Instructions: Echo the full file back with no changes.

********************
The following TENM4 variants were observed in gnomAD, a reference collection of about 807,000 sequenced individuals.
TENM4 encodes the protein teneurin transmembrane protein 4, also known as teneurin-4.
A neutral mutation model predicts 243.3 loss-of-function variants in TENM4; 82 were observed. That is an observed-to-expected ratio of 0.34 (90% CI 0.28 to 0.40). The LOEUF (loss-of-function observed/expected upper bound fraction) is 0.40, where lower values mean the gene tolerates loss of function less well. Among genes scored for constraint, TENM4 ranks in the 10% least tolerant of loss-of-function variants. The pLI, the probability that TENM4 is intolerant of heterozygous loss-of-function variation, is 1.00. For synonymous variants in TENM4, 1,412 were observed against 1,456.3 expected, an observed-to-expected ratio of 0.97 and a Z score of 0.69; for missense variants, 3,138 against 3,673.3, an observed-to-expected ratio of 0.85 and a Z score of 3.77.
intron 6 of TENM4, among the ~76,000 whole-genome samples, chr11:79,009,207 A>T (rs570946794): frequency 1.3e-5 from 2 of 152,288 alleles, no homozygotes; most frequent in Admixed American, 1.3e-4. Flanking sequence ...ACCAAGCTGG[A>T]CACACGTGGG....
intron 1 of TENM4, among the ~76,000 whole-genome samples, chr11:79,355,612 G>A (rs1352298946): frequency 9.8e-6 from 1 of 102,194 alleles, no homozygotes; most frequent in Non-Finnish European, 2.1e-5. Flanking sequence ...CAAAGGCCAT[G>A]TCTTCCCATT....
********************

The following TENM4 variants were observed in gnomAD, a reference collection of about 807,000 sequenced individuals.
TENM4 encodes the protein teneurin transmembrane protein 4, also known as teneurin-4.
A neutral mutation model predicts 243.3 loss-of-function variants in TENM4; 82 were observed. That is an observed-to-expected ratio of 0.34 (90% CI 0.28 to 0.40). The LOEUF (loss-of-function observed/expected upper bound fraction) is 0.40, where lower values mean the gene tolerates loss of function less well. Among genes scored for constraint, TENM4 ranks in the 10% least tolerant of loss-of-function variants. The pLI, the probability that TENM4 is intolerant of heterozygous loss-of-function variation, is 1.00. For synonymous variants in TENM4, 1,412 were observed against 1,456.3 expected, an observed-to-expected ratio of 0.97 and a Z score of 0.69; for missense variants, 3,138 against 3,673.3, an observed-to-expected ratio of 0.85 and a Z score of 3.77.
intron 6 of TENM4, among the ~76,000 whole-genome samples, chr11:79,009,207 A>T (rs570946794): frequency 1.3e-5 from 2 of 152,288 alleles, no homozygotes; most frequent in Admixed American, 1.3e-4. Flanking sequence ...ACCAAGCTGG[A>T]CACACGTGGG....
intron 1 of TENM4, among the ~76,000 whole-genome samples, chr11:79,355,612 G>A (rs1352298946): frequency 9.8e-6 from 1 of 102,194 alleles, no homozygotes; most frequent in Non-Finnish European, 2.1e-5. Flanking sequence ...CAAAGGCCAT[G>A]TCTTCCCATT....